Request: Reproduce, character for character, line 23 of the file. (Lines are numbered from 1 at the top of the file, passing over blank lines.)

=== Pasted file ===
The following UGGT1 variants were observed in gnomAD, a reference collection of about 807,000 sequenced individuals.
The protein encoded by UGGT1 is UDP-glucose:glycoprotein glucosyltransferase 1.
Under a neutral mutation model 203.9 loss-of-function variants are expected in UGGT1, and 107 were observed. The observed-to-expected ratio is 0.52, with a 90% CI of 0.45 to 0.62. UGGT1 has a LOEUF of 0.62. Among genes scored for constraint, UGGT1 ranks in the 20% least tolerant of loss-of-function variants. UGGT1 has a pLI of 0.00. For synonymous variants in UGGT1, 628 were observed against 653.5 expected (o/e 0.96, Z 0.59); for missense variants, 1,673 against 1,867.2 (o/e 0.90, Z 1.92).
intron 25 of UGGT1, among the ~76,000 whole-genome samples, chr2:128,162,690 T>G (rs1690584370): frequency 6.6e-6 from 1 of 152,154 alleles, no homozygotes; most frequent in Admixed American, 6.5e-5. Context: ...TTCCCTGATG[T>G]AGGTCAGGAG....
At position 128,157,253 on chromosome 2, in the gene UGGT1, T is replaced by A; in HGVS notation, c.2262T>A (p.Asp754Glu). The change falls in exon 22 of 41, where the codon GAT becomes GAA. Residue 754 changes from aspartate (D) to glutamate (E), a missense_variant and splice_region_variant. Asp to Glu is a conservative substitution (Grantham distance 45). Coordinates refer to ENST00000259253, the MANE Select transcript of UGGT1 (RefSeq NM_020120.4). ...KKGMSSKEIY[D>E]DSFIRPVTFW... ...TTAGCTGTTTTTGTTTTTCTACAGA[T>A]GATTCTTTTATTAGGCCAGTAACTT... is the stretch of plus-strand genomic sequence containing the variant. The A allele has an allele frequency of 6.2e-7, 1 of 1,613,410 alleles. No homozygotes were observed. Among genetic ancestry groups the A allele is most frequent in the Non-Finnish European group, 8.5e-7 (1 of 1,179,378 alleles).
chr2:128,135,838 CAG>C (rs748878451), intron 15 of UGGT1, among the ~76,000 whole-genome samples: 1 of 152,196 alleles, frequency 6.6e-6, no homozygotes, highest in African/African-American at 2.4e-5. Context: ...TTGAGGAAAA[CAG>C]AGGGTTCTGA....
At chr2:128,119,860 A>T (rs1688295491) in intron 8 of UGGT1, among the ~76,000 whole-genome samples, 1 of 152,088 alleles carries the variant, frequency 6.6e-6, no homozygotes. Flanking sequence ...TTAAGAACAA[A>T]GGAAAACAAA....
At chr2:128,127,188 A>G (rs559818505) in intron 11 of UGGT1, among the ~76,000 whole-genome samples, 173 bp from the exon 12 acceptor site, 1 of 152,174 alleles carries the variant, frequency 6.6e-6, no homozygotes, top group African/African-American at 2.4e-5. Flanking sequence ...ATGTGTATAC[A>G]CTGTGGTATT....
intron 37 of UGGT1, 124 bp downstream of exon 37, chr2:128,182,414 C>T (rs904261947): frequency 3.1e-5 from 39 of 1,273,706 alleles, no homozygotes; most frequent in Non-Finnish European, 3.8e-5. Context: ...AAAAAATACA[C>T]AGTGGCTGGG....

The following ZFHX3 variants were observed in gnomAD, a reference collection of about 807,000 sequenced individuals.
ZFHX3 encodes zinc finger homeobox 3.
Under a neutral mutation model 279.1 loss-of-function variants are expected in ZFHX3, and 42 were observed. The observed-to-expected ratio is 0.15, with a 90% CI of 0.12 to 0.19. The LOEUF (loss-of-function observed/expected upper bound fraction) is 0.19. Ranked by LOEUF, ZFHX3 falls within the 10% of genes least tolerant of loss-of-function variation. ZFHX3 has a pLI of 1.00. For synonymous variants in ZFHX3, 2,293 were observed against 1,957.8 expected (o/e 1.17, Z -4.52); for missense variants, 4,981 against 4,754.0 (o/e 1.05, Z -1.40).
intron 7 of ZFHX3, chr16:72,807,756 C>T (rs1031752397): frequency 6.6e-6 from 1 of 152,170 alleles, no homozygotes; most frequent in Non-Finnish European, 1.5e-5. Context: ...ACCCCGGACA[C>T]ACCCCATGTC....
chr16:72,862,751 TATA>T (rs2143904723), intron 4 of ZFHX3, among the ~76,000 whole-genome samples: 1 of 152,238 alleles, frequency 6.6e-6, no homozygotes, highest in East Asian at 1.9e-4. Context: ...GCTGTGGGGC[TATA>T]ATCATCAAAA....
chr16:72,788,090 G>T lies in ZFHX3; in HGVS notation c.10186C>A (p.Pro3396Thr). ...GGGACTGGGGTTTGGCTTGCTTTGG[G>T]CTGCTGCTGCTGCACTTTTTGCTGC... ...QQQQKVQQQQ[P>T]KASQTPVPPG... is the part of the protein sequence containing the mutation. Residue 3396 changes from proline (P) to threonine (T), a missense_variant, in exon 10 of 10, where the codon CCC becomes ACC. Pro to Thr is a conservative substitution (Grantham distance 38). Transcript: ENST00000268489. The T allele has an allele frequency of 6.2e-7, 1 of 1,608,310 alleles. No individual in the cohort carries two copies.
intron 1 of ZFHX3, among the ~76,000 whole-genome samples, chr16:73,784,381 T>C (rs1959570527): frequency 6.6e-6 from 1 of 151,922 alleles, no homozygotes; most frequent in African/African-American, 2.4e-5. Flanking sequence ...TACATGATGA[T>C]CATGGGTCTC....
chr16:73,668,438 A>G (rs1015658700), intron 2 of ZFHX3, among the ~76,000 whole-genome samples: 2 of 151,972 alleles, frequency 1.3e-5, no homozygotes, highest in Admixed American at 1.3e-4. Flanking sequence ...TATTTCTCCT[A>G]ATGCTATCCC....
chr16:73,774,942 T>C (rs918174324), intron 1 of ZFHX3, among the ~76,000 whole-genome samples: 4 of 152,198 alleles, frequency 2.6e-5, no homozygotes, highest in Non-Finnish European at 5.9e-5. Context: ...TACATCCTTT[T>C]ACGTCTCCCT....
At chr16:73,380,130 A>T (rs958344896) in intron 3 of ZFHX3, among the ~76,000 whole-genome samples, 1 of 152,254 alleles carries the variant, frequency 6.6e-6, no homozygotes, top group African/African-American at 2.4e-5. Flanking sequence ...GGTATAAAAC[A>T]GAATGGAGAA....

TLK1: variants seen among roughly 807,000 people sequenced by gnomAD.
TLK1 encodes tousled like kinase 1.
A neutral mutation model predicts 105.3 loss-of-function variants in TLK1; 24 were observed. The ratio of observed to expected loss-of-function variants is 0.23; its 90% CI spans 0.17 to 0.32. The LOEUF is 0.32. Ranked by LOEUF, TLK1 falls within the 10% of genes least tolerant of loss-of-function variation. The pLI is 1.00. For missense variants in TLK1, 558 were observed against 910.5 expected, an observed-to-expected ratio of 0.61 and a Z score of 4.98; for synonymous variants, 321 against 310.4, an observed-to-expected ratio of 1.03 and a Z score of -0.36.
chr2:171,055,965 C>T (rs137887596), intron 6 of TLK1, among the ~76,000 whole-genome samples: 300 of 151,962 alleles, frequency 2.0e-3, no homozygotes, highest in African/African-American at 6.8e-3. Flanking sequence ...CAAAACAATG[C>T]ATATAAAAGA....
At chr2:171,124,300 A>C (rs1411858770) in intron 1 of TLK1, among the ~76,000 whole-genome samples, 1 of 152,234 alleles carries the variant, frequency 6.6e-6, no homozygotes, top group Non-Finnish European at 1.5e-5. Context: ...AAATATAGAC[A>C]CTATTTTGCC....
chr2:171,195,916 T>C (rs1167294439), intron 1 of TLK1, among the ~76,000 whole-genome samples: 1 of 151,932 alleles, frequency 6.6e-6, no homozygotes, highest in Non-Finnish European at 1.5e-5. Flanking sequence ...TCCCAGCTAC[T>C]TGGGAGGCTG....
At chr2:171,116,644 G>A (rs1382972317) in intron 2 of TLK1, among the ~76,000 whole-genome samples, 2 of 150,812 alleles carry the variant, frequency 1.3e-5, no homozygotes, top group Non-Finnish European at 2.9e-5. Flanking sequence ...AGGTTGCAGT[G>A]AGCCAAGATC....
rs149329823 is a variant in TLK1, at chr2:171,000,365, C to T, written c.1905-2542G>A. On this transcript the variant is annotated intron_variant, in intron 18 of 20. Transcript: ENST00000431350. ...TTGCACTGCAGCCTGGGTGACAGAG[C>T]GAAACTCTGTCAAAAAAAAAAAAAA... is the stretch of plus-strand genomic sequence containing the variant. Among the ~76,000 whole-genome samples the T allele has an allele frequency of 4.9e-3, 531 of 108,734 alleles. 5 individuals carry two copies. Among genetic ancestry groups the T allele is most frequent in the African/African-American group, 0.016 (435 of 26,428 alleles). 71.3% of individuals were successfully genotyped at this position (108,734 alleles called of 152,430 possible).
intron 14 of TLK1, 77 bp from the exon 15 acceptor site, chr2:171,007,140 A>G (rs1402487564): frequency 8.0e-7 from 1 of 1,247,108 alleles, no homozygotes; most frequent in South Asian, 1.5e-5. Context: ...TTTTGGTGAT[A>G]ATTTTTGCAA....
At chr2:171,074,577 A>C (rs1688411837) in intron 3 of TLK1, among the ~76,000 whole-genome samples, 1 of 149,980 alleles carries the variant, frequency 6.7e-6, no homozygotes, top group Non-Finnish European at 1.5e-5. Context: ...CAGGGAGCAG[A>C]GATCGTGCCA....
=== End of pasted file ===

chr2:171,055,965 C>T (rs137887596), intron 6 of TLK1, among the ~76,000 whole-genome samples: 300 of 151,962 alleles, frequency 2.0e-3, no homozygotes, highest in African/African-American at 6.8e-3. Flanking sequence ...CAAAACAATG[C>T]ATATAAAAGA....